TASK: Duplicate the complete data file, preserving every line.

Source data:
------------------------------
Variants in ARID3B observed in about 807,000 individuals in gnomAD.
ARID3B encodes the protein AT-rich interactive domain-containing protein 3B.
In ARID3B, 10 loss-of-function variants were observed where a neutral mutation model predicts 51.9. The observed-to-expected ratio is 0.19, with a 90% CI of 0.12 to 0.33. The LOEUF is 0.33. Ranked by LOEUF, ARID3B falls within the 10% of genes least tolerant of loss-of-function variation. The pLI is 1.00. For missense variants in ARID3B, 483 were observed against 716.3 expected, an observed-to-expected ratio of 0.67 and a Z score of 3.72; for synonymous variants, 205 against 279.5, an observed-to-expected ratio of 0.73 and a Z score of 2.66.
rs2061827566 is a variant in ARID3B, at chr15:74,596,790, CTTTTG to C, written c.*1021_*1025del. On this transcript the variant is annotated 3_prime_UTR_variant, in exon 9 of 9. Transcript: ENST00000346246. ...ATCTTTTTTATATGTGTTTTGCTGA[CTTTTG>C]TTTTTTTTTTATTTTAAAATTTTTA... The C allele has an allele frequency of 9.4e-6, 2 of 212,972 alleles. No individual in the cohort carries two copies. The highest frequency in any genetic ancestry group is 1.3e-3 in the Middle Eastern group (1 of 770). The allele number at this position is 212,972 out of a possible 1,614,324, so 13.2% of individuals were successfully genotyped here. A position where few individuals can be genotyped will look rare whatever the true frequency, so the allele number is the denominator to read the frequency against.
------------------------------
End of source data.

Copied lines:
Variants in ARID3B observed in about 807,000 individuals in gnomAD.
ARID3B encodes the protein AT-rich interactive domain-containing protein 3B.
In ARID3B, 10 loss-of-function variants were observed where a neutral mutation model predicts 51.9. The observed-to-expected ratio is 0.19, with a 90% CI of 0.12 to 0.33. The LOEUF is 0.33. Ranked by LOEUF, ARID3B falls within the 10% of genes least tolerant of loss-of-function variation. The pLI is 1.00. For missense variants in ARID3B, 483 were observed against 716.3 expected, an observed-to-expected ratio of 0.67 and a Z score of 3.72; for synonymous variants, 205 against 279.5, an observed-to-expected ratio of 0.73 and a Z score of 2.66.
rs2061827566 is a variant in ARID3B, at chr15:74,596,790, CTTTTG to C, written c.*1021_*1025del. On this transcript the variant is annotated 3_prime_UTR_variant, in exon 9 of 9. Transcript: ENST00000346246. ...ATCTTTTTTATATGTGTTTTGCTGA[CTTTTG>C]TTTTTTTTTTATTTTAAAATTTTTA... The C allele has an allele frequency of 9.4e-6, 2 of 212,972 alleles. No individual in the cohort carries two copies. The highest frequency in any genetic ancestry group is 1.3e-3 in the Middle Eastern group (1 of 770). The allele number at this position is 212,972 out of a possible 1,614,324, so 13.2% of individuals were successfully genotyped here. A position where few individuals can be genotyped will look rare whatever the true frequency, so the allele number is the denominator to read the frequency against.